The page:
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Dreamed 1920/4/6 by William Archer
One of the oddest dreams I ever had. The place and circumstances are quite vague, but I was standing somewhere with someone when a leopard came into our field of vision. I said to my neighbour, "You mightn't think it, but that is Gilbert Chesterton". Then the leopard hung himself by his tail upon something which I vaguely conceived as the opening of an arbour or pergola; and I thought (and I believe said) that Chesterton was lying in wait for Bernard Shaw, and that by thus looking as if he were hanging dead, he was lulling Shaw's suspicions.
Then Shaw appeared, I think also in animal form, but what form I cannot say. At all events the leopard fell upon him and it seemed that, in a moment, he had not only killed him but sucked all his blood and left him like a squeezed-out rag.
Then the leopard disappeared and I rushed to the scene of the tragedy in an agony of grief and remorse. I somehow felt that I had regarded it all as a joke, and that, if I had had my wits about me, I might have interfered to avert this fatal and horrible termination.
I never saw either Shaw or Chesterton--the dead body, whether that of an animal or a man, was not in the least like Shaw--but I had not the least doubt that Shaw was dead and that the leopard Chesterton had sucked his blood.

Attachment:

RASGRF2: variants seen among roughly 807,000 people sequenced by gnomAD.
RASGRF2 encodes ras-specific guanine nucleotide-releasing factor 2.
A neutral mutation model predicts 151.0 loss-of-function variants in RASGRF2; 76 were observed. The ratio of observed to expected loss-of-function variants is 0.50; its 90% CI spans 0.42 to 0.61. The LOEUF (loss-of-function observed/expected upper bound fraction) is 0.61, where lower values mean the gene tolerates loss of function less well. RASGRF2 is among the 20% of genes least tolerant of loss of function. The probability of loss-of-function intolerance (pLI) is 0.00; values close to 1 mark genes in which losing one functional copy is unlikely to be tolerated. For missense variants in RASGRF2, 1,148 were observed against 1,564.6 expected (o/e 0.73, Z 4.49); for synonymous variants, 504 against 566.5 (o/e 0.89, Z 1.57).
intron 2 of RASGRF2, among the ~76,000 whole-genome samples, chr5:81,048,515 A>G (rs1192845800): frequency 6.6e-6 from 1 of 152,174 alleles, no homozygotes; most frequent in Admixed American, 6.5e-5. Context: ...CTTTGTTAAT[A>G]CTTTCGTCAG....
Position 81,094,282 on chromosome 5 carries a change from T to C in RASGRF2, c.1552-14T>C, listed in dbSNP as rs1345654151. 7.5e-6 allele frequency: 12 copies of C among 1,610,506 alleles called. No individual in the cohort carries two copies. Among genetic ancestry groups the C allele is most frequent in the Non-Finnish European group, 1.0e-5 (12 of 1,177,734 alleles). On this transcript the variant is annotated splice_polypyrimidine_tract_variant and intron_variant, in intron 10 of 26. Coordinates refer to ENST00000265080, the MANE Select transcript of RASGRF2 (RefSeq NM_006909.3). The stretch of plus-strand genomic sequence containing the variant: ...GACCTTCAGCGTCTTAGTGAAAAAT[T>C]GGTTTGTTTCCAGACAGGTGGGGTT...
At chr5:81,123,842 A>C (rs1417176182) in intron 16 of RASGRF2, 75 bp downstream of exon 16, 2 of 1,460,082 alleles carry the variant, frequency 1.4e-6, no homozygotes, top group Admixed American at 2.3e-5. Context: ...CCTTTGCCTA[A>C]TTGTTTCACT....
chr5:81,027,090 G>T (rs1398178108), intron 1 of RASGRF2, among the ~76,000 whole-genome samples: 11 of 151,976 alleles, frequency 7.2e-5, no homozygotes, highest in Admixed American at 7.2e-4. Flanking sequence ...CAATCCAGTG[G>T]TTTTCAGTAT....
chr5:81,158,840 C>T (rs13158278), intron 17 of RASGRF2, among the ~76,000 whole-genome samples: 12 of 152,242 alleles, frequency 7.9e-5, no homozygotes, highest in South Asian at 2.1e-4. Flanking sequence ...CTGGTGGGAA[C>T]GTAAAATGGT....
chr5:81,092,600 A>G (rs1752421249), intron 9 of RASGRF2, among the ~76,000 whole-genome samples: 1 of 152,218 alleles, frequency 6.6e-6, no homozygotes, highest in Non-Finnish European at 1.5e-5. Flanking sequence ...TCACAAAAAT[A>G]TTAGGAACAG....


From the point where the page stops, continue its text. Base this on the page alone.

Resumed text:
from William Archer's On Dreams, 1935, quoted in The Oxford Book of Dreams (ed. Stephen Brook), 1983
- Enemies? Archer's dream echoes very real political and spiritual quarrels.
- George Bernard Shaw: playwright (Arms and the Man, Saint Joan, Caesar and Cleopatra, Man and Superman). Socialist, vegetarian, atheist (or was he? Did he believe in his "Life Force"?). A cheerful old iconoclast, loving to offend, accused of being all head and no heart.
- G. K. Chesterton: huge, eccentric, erudite--advocating both logic and mysticism. From detective stories (the Father Brown stories) to surrealism and bizarre satire (The Man Who Was Thursday is both) and what-if fables bordering on science fiction, but always rooted in human feeling (The Napoleon of Notting Hill), he advocated a modern spirituality far more nuanced than, say, CS Lewis's.
- What do they have in common? A perverse romanticism. They both spun wild fables based on metaphysical premises--ideas carrying people away. Read Chesterton's The Man Who Was Thursday, then Shaw's The Black Girl in Search of God, and tell me they aren't prowling the same metaphysical jungle... and out for blood.
- Is Archer right, did Chesterton deflate Shaw for good? Hardly. Most of his plays are still current. Chesterton? Last week I opened up Neil Gaiman's graphic novel The Sandman: A Doll's House. There was Gilbert himself living in modern America amid yuppies, drag queens and serial killers, as comfy as a leopard up a tree. And around us in the news? Half the politics of our time are just rehashes of Shaw and Chesterton's long bloody war over God and the Life Force. Still being fought.
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